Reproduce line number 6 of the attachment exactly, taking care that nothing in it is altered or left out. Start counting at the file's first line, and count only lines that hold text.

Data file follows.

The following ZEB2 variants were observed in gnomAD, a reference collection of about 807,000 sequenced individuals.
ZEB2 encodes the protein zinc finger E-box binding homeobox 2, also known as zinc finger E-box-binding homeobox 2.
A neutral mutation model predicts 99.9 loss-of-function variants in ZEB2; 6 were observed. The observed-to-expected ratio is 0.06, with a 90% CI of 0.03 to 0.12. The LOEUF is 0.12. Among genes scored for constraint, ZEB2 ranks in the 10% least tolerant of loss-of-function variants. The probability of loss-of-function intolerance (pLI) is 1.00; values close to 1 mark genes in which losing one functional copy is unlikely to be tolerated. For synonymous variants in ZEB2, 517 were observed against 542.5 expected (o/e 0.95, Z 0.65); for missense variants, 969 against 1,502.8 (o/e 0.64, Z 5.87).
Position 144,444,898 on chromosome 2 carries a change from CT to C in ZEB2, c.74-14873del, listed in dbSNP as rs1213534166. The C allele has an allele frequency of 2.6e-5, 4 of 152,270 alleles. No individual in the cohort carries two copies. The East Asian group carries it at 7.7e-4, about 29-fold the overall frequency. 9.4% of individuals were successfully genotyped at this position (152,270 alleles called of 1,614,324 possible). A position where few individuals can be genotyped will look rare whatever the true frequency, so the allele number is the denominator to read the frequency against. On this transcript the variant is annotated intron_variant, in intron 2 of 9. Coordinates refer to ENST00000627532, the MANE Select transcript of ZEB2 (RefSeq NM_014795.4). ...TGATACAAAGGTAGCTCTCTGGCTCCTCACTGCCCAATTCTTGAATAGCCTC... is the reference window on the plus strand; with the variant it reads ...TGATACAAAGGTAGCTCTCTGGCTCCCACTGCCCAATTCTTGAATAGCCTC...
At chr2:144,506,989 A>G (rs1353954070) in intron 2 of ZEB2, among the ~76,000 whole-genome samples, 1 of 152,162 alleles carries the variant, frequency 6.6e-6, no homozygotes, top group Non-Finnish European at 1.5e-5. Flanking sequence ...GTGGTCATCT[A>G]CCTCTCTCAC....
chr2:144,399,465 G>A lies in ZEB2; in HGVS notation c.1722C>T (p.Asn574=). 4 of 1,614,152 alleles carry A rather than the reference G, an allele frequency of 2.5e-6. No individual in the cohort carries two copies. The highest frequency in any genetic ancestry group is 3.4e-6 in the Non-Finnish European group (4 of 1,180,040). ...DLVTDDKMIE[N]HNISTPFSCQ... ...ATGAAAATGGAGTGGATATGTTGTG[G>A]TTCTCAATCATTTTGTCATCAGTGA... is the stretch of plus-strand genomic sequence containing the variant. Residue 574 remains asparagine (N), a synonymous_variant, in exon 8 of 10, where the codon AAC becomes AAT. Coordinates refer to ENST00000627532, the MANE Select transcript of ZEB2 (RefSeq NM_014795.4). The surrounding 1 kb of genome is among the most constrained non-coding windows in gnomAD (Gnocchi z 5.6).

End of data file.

chr2:144,399,465 G>A lies in ZEB2; in HGVS notation c.1722C>T (p.Asn574=). 4 of 1,614,152 alleles carry A rather than the reference G, an allele frequency of 2.5e-6. No individual in the cohort carries two copies. The highest frequency in any genetic ancestry group is 3.4e-6 in the Non-Finnish European group (4 of 1,180,040). ...DLVTDDKMIE[N]HNISTPFSCQ... ...ATGAAAATGGAGTGGATATGTTGTG[G>A]TTCTCAATCATTTTGTCATCAGTGA... is the stretch of plus-strand genomic sequence containing the variant. Residue 574 remains asparagine (N), a synonymous_variant, in exon 8 of 10, where the codon AAC becomes AAT. Coordinates refer to ENST00000627532, the MANE Select transcript of ZEB2 (RefSeq NM_014795.4). The surrounding 1 kb of genome is among the most constrained non-coding windows in gnomAD (Gnocchi z 5.6).